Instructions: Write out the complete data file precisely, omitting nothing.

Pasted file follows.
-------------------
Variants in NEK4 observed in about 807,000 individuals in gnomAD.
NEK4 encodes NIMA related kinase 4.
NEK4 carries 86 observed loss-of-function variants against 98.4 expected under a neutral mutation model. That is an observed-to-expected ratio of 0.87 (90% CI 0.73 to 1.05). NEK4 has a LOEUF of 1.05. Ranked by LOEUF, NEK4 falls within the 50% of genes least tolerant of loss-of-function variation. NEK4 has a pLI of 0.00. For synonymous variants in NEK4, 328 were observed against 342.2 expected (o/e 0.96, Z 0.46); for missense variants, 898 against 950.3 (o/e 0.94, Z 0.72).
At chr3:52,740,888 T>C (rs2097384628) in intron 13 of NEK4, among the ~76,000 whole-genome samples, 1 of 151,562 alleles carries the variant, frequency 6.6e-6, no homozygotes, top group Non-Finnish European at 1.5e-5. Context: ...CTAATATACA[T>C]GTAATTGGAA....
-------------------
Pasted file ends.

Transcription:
Variants in NEK4 observed in about 807,000 individuals in gnomAD.
NEK4 encodes NIMA related kinase 4.
NEK4 carries 86 observed loss-of-function variants against 98.4 expected under a neutral mutation model. That is an observed-to-expected ratio of 0.87 (90% CI 0.73 to 1.05). NEK4 has a LOEUF of 1.05. Ranked by LOEUF, NEK4 falls within the 50% of genes least tolerant of loss-of-function variation. NEK4 has a pLI of 0.00. For synonymous variants in NEK4, 328 were observed against 342.2 expected (o/e 0.96, Z 0.46); for missense variants, 898 against 950.3 (o/e 0.94, Z 0.72).
At chr3:52,740,888 T>C (rs2097384628) in intron 13 of NEK4, among the ~76,000 whole-genome samples, 1 of 151,562 alleles carries the variant, frequency 6.6e-6, no homozygotes, top group Non-Finnish European at 1.5e-5. Context: ...CTAATATACA[T>C]GTAATTGGAA....